Aug 16, 2008 Kyle Bohman rated it it was ok
Didn't care much for this piece of literature. I was expecting another Nickel and Dimed, and this wasn't it. Each 3 page chapter just regurgitated facts that you could find on the internet about corruption in American. There was no story. I found it very difficult to make it through the chapters.
Lisa
Jul 17, 2008 Lisa rated it really liked it
Barbara Ehrenreich is the Michael Moore of print journalism. She tells it like it is, using statistics and facts accompanied by her always present wit. Whether it's gay marriage, abortion, low-wages or lack of health care, Ehrenreich will leave you educated and enraged.
Mary (BookHounds)
Jan 06, 2009 Mary (BookHounds) rated it really liked it
Shelves: library-book
This book of essays is so wonderfully written. Ehrenreich points out the truth about the government, social issues and life in general. Some of the essays about being poor in American are dead-on.
Thom Dunn
Anthology of columns. Appropriately sassy, but repetitive format.
Kerry
Oct 27, 2009 Kerry rated it liked it
Barbara, Barbara, Barbara. Oh howe I loved you so in Nickeled and Dimed. What happened?! This one you went a bit further off your rocker and were too left-wing & opinionated. Now, I'm well aware it's written in satirical form, but if you're going to spout such an opinion, you need to mix in more facts. Which she does here and there at points. And I gobbled those up like Turkey Lurkey Day dinner followed with the mind-challenge of Mah Jong.

BUUUUT, the fact that the characters in the new Miam
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Cameron
Aug 30, 2012 Cameron rated it liked it
I play my politics pretty close to the vest. I have political opinions, sure. But not only do I live in an area where my political leanings are leaning toward the shallow end of the majority, but I also hate to convince other people to think a certain way. So, this means that I have no response when questioned about my political beliefs. And, even though it makes me the worst political person in the world, I am ok with that.

So, this collection of very liberal-minded essays is, in essence, very a
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Kurt
Jul 23, 2011 Kurt rated it liked it
Your experience of this book will depend almost entirely on whether or not you already find Barbara Ehrenreich witty and insightful and fascinating. I do, so I enjoyed this collection of brief observations, but it would not have converted me if I had come to it as an Ehrenreich skeptic. The basic theme holding the book together is something like, "Life is really hard in the U.S. in the first decade of the new millenium," and Ehrenreich casts a wide net as she mocks big business, the health care ...more
Matt Escott
May 30, 2013 Matt Escott rated it liked it
I have mixed feelings about this book, which is a collection of very short essays on a variety of topics, most of which relating to the economic and social inequality in America. In some of the essays, in particular the the ones relating to economic inequality, I could feel Ehrenreich's outrage and disgust. She satirically skewers some very twisted economic thinking, thinking which, as she frequently points out, often leads to immoral and absurd abuses of those less fortunate.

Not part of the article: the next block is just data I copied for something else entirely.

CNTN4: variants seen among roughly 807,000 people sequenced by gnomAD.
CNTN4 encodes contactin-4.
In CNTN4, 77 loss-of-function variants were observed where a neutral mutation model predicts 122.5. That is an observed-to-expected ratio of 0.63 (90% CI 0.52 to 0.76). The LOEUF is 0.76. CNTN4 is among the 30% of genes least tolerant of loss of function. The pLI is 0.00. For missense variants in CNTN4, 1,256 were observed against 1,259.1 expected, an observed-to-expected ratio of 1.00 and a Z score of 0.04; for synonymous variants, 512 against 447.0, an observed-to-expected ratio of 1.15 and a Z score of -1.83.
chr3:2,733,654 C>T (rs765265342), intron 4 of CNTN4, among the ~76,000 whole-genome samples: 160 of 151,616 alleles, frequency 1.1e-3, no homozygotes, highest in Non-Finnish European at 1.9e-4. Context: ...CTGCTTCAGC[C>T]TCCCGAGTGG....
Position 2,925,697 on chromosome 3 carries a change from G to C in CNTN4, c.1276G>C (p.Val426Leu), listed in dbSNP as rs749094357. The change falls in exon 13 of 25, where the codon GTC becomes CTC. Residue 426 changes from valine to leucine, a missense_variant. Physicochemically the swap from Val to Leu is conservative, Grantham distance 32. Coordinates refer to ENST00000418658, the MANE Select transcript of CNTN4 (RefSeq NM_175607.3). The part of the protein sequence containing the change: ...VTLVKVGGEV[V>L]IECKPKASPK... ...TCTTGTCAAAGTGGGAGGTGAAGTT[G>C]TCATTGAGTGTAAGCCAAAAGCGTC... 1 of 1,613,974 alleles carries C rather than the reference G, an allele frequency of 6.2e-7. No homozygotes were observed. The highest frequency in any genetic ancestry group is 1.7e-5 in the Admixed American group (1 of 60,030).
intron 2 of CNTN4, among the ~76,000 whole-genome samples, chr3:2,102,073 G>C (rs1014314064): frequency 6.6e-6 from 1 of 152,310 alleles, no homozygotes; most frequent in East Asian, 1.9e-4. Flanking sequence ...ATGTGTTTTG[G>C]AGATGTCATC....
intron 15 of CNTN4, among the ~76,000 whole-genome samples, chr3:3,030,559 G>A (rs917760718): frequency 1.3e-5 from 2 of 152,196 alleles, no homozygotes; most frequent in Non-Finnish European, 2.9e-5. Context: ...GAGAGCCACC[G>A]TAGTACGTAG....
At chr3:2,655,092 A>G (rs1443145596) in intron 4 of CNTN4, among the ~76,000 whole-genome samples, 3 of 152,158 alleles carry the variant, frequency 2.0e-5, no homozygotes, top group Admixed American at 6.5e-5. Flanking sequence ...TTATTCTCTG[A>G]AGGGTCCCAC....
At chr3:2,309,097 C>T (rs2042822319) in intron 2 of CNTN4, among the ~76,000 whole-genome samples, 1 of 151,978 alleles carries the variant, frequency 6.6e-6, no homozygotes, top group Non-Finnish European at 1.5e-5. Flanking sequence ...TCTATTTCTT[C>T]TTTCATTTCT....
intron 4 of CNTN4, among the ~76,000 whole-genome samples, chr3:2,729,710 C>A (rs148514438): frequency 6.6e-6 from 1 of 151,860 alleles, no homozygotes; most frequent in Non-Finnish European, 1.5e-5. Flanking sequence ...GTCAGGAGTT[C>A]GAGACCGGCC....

But at times I fel
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Jon
Jul 23, 2011 Jon added it
Barbara Ehrenreich's new book is a collection of short pieces about various aspects of American life today, divided into sections about general issues such as sex, medical care, economic inequality, and religion. To her credit, BE doesn't try to suggest that our problems could be solved by electing more Democrats (besides, when voters did just that in 2006, nothing changed, except maybe for the worse). BE isn't afraid to admit when she was previously wrong, as in her discussion of how the Abu Gh ...more
Laura
Jan 23, 2011 Laura rated it it was ok
I like the essay format for a change: she has a lot of ground to cover, and I like that I can read a few essays at a time and then put down the book for a while. She makes a lot of good points, as always, but I often felt that the snark (which I mostly didn't find all that funny) prevented her from getting very deep into the arguments both for and against some of the points she was making. Sometimes she's making observations about poignant or outrageous things, and not much argumentation was nee ...more
Lydia
Dec 21, 2008 Lydia rated it liked it
I had started reading "The Shock Doctrine" and found it to be too much over a holiday break. I was so enthralled by the first 16 pages, but wanted to truly put time into the book; so I switched to "This Land" since I need to send it to my daughter in Azerbaijan anyway.

I admire Ehrenreich's ability to structure 2-4 page pithy, often tongeu-in-cheek summaries of her interpretation of major global issues, although as an academician I must admit a certain bias in work with so many references and no
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Barbara Ehrenreich is an American journalist and the bestselling author of sixteen previous books, including the bestsellers Nickel and Dimed and Bait and Switch. A frequent contributor to Harpers and The Nation, she has also been a columnist at The New York Times and Time Magazine.

http://us.macmillan.com/author/barbar...
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“You still don't like the idea of gay marriage? Then, as my friend the economist Julianne Malveaux says: Don't marry a gay person. Case closed, problem solved.” 7 likes
“Just as welfare was said to "cause poverty," the experts may soon announce that Medicare causes baldness and that Social Security is a risk factor for osteoporosis: the correlations are undeniable.” 0 likes